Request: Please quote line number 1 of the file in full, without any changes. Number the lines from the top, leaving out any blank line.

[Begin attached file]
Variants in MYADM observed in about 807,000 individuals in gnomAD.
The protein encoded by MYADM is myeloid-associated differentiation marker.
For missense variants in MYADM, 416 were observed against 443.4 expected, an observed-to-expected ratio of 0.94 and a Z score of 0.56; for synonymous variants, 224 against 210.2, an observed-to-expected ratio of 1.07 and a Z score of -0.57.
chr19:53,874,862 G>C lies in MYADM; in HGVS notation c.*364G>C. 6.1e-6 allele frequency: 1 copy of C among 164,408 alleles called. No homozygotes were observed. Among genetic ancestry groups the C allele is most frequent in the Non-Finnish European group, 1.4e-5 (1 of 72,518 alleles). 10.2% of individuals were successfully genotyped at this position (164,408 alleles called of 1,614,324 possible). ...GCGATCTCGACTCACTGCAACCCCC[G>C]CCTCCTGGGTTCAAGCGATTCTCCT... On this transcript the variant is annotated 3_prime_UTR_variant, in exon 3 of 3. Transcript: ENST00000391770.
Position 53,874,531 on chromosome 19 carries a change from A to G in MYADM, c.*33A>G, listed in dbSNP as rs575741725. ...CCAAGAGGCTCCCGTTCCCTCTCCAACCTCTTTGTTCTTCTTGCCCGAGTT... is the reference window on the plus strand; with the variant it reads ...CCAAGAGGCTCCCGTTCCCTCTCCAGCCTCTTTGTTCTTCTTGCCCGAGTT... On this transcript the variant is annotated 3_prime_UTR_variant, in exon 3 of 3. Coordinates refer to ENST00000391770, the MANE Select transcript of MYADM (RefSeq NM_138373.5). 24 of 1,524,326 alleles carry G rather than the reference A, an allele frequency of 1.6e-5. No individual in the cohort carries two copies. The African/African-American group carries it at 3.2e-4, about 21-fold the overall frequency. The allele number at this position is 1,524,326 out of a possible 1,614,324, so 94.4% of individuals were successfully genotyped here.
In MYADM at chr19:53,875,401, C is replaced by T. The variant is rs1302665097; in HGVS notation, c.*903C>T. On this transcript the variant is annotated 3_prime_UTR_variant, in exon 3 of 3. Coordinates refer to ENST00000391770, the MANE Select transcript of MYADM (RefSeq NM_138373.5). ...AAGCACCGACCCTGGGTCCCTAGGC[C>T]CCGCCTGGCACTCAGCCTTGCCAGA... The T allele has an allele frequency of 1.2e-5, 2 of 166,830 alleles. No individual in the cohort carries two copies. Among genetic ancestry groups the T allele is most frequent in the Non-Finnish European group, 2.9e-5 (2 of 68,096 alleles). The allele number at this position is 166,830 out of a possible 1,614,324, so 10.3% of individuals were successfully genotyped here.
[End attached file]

Variants in MYADM observed in about 807,000 individuals in gnomAD.